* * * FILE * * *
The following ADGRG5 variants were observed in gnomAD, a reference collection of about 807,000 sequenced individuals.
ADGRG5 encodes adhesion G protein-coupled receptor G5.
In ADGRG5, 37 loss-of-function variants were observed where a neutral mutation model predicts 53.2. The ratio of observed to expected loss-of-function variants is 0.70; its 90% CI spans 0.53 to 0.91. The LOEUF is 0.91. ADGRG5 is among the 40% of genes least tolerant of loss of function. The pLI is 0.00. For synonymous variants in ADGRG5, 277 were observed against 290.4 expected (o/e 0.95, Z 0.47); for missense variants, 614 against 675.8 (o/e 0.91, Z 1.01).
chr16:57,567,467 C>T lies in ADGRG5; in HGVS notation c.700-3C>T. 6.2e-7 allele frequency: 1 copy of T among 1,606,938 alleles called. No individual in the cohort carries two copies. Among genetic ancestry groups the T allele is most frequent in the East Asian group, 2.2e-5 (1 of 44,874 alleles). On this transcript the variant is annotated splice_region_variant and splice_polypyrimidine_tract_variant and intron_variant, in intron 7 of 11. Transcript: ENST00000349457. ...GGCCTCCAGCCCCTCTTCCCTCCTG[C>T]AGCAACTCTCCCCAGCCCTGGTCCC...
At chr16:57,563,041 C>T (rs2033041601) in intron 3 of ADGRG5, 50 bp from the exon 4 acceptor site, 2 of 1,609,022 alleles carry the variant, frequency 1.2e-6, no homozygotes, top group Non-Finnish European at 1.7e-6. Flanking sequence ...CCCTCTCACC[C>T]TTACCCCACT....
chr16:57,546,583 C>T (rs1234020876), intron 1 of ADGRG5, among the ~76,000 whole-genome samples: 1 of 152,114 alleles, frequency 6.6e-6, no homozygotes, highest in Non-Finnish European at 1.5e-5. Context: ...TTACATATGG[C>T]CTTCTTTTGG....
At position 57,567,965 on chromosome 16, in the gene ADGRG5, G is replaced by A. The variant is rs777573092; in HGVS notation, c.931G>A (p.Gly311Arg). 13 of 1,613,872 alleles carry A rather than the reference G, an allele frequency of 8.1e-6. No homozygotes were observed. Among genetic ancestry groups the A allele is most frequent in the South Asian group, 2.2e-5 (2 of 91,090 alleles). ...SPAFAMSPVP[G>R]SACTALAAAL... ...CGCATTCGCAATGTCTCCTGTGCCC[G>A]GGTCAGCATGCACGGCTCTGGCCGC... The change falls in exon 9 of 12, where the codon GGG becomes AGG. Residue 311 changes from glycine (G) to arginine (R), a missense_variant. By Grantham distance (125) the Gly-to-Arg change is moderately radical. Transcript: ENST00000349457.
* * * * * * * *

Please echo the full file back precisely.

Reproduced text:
The following ADGRG5 variants were observed in gnomAD, a reference collection of about 807,000 sequenced individuals.
ADGRG5 encodes adhesion G protein-coupled receptor G5.
In ADGRG5, 37 loss-of-function variants were observed where a neutral mutation model predicts 53.2. The ratio of observed to expected loss-of-function variants is 0.70; its 90% CI spans 0.53 to 0.91. The LOEUF is 0.91. ADGRG5 is among the 40% of genes least tolerant of loss of function. The pLI is 0.00. For synonymous variants in ADGRG5, 277 were observed against 290.4 expected (o/e 0.95, Z 0.47); for missense variants, 614 against 675.8 (o/e 0.91, Z 1.01).
chr16:57,567,467 C>T lies in ADGRG5; in HGVS notation c.700-3C>T. 6.2e-7 allele frequency: 1 copy of T among 1,606,938 alleles called. No individual in the cohort carries two copies. Among genetic ancestry groups the T allele is most frequent in the East Asian group, 2.2e-5 (1 of 44,874 alleles). On this transcript the variant is annotated splice_region_variant and splice_polypyrimidine_tract_variant and intron_variant, in intron 7 of 11. Transcript: ENST00000349457. ...GGCCTCCAGCCCCTCTTCCCTCCTG[C>T]AGCAACTCTCCCCAGCCCTGGTCCC...
At chr16:57,563,041 C>T (rs2033041601) in intron 3 of ADGRG5, 50 bp from the exon 4 acceptor site, 2 of 1,609,022 alleles carry the variant, frequency 1.2e-6, no homozygotes, top group Non-Finnish European at 1.7e-6. Flanking sequence ...CCCTCTCACC[C>T]TTACCCCACT....
chr16:57,546,583 C>T (rs1234020876), intron 1 of ADGRG5, among the ~76,000 whole-genome samples: 1 of 152,114 alleles, frequency 6.6e-6, no homozygotes, highest in Non-Finnish European at 1.5e-5. Context: ...TTACATATGG[C>T]CTTCTTTTGG....
At position 57,567,965 on chromosome 16, in the gene ADGRG5, G is replaced by A. The variant is rs777573092; in HGVS notation, c.931G>A (p.Gly311Arg). 13 of 1,613,872 alleles carry A rather than the reference G, an allele frequency of 8.1e-6. No homozygotes were observed. Among genetic ancestry groups the A allele is most frequent in the South Asian group, 2.2e-5 (2 of 91,090 alleles). ...SPAFAMSPVP[G>R]SACTALAAAL... ...CGCATTCGCAATGTCTCCTGTGCCC[G>A]GGTCAGCATGCACGGCTCTGGCCGC... The change falls in exon 9 of 12, where the codon GGG becomes AGG. Residue 311 changes from glycine (G) to arginine (R), a missense_variant. By Grantham distance (125) the Gly-to-Arg change is moderately radical. Transcript: ENST00000349457.